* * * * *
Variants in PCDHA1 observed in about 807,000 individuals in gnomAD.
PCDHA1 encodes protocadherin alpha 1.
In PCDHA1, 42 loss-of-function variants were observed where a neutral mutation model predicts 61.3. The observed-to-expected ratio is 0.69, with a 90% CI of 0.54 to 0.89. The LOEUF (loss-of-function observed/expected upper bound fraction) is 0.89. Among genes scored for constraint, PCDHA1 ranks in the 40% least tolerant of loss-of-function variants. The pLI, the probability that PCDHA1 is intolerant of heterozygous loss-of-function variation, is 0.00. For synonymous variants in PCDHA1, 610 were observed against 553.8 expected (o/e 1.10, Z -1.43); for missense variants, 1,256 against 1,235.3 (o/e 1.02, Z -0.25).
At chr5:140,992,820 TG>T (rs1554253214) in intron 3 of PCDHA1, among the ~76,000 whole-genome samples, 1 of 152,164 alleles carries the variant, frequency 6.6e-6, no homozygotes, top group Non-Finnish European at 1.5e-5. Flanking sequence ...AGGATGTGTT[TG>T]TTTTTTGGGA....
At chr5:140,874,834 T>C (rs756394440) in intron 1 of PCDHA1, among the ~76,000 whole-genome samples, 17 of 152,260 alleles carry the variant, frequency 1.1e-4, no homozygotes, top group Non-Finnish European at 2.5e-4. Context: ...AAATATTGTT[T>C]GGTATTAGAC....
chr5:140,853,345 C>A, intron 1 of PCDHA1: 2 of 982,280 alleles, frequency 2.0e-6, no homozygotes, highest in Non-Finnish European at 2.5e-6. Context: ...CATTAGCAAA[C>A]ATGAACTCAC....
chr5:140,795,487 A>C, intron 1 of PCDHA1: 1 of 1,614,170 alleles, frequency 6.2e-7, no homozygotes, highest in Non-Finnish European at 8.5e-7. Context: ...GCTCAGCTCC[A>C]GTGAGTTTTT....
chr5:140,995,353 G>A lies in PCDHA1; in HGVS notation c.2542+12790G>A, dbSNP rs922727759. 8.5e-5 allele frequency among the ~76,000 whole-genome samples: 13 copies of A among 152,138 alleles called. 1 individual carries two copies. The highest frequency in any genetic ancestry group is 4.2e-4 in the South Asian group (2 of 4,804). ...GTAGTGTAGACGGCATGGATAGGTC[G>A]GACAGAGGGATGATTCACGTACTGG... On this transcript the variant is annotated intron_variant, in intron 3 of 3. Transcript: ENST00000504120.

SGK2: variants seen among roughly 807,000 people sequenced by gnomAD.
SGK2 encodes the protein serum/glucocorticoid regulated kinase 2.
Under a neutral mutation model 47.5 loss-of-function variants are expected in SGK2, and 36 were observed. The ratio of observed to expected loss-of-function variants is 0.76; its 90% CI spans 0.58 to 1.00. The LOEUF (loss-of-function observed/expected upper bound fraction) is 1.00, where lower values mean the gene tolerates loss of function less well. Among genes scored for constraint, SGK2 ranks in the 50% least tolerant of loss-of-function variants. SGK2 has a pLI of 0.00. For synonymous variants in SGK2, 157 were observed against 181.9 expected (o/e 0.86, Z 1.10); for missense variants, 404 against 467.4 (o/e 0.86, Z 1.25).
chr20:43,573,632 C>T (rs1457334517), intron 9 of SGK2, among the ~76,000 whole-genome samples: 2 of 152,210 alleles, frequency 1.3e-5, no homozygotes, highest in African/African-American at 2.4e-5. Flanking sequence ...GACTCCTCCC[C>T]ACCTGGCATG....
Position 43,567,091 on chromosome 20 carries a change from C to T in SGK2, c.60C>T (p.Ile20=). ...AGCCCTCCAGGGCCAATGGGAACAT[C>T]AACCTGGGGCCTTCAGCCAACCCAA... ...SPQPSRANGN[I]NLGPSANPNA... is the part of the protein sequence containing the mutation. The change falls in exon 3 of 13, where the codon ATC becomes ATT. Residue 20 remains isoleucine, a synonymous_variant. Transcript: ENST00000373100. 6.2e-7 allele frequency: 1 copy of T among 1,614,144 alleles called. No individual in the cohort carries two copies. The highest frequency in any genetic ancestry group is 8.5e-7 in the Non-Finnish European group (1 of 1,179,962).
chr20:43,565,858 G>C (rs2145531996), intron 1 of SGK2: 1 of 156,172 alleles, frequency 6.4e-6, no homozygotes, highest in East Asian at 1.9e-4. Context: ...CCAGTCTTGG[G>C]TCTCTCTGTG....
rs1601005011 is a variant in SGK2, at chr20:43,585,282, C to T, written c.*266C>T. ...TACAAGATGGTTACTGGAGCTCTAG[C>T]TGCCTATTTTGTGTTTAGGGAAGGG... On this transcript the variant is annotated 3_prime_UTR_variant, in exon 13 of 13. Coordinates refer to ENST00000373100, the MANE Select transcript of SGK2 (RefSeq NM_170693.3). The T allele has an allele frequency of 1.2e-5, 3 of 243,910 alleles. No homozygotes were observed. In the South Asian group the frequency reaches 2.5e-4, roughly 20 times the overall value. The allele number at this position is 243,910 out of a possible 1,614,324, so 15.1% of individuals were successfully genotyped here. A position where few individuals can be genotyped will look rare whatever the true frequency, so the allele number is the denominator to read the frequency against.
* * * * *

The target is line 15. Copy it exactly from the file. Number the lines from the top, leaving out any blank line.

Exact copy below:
rs1601005011 is a variant in SGK2, at chr20:43,585,282, C to T, written c.*266C>T. ...TACAAGATGGTTACTGGAGCTCTAG[C>T]TGCCTATTTTGTGTTTAGGGAAGGG... On this transcript the variant is annotated 3_prime_UTR_variant, in exon 13 of 13. Coordinates refer to ENST00000373100, the MANE Select transcript of SGK2 (RefSeq NM_170693.3). The T allele has an allele frequency of 1.2e-5, 3 of 243,910 alleles. No homozygotes were observed. In the South Asian group the frequency reaches 2.5e-4, roughly 20 times the overall value. The allele number at this position is 243,910 out of a possible 1,614,324, so 15.1% of individuals were successfully genotyped here. A position where few individuals can be genotyped will look rare whatever the true frequency, so the allele number is the denominator to read the frequency against.